|Fort San Juan del Bayou
Photos and History of the "Old Spanish Fort"
Bayou St. John at Lake Pontchartrain
New Orleans, Louisiana
|Much of the fort was already falling into ruin in 1934, when these pictures were taken.|
|From inside the fort, looking toward the bayou.|
|View of the fort from the Bayou St. John.|
|Front wall of battlement.|
|Lower wall Original palisade|
|Excavation shows lower wall of original fort.|
|This photo shows three
periods of construction.
|Top of battlements.|
|Stairs of original hotel built in 1823, after the fort was no longer in use.|
|National Historic Survey Report Old Spanish Fort Resort & Amusement Park
The "Little Fort" & Sunny Schiro's Efforts to Save It Spanish Fort Today
Back to Index: Old New Orleans
The Past Whispers
| Today, Bayou St. John flows languidly through the heart of New Orleans, a favorite place for people to jog, fish or use the shade of the trees along its banks to wax their cars on sunny summer days.
But, for many decades after the bayou was discovered by French explorers, Bienville and Iberville, it was the vital means of transportation between Lake Pontchartrain (with its access to the Gulf of Mexico) and the Mississippi River, where it began, at the spot where the city of New Orleans had been founded in 1718.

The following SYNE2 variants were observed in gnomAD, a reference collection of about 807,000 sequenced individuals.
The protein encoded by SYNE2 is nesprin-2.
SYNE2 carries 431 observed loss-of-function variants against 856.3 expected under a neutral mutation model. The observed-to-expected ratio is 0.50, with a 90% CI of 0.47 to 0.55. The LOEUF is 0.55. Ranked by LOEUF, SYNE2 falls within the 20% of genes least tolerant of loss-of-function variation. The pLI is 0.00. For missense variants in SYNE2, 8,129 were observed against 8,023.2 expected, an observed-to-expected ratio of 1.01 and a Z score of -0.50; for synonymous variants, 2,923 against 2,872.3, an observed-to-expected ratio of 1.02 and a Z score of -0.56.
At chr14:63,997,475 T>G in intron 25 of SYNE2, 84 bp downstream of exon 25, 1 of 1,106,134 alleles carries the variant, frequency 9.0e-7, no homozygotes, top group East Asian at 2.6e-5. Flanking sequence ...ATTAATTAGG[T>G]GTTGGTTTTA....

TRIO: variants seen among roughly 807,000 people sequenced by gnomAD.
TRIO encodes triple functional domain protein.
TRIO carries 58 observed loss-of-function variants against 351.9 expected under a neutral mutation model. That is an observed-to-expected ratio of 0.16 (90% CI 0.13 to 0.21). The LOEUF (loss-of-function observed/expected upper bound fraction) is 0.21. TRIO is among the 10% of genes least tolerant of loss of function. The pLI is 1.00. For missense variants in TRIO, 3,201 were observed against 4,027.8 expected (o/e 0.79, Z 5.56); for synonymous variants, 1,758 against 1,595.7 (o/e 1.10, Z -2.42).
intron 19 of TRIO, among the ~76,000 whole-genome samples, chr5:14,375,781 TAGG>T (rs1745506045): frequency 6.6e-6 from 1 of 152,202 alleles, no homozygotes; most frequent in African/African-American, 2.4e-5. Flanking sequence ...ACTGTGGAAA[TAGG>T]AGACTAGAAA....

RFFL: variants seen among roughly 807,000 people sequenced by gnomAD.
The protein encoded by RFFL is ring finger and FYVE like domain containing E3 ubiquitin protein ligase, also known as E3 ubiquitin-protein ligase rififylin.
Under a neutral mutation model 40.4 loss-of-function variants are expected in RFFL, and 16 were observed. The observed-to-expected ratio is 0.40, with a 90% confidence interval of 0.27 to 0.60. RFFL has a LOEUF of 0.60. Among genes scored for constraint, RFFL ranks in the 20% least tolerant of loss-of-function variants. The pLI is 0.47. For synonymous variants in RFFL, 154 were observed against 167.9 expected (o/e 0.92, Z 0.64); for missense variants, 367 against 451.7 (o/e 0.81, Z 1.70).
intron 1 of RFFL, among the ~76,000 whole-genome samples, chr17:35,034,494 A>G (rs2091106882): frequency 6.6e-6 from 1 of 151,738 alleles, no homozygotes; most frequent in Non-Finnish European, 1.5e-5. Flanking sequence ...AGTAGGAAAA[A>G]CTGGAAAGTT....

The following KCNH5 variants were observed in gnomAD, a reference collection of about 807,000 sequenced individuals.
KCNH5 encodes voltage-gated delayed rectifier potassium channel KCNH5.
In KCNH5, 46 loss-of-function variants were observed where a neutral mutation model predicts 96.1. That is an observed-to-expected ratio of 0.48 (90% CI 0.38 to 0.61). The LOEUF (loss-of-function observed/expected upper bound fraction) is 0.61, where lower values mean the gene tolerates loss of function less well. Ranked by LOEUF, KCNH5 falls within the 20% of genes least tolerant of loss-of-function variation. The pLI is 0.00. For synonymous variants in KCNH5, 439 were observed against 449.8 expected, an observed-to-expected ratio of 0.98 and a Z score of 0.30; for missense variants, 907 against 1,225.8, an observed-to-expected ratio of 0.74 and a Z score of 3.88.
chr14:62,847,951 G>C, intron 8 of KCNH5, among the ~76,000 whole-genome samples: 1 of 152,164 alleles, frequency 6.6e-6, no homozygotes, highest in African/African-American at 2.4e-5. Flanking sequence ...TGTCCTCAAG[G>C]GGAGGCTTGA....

It's not surprising that the first fortification the French established in the area was at the mouth of Bayou St. John, where it flowed into the lake, probably constructed in about 1701. The fort was originally called Fort St. John of the Bayou or Fort San Juan del Bayou, later shortened to St. John Fort and, eventually, it became known to New Orleans residents simply as Old Spanish Fort. The last name remains in use today, more than 180 years after the fort itself was decommissioned and after its use as a hotel, a fashionable resort and an amusement park. The park closed its gates in 1926 and the fort has been abandoned since then, allowing nature to re-claim much of its own and reduce the structures to crumbling ruins.
We're fortunate to have the photographs and data collected during the National Historic Survey, conducted in the 1930's. The photographs on this page are from the NHS report. There are eleven pages in the report, to see images of the rest, as well as a sketch showing the original location of the Old Spanish Fort, click on the link directly below the following excerpt from page one. To continue reading my history of the fort, go to the bottom of this page. To read about the fort as a resort area and see pictures of it as it is today, click on "Old Spanish Fort Resort and Amusement Park." -- Nancy Brister
"[The first fort] was probably nothing more than a wood palisade, of which all traces have disappeared. When Spain took possession of the Colony, this fortification was strengthened. There still exist traces of a shell concrete foundation which supported a wood palisade. No documents of the French and Spanish period have been found describing this fort, although there are, in the Papeles Procedentes de Cuba in the Archive General da Indias in Seville, letters referring to the forts and a letter in 1799 containing instructions to the Commandant of San Juan del Bayou, by which name the fort was known."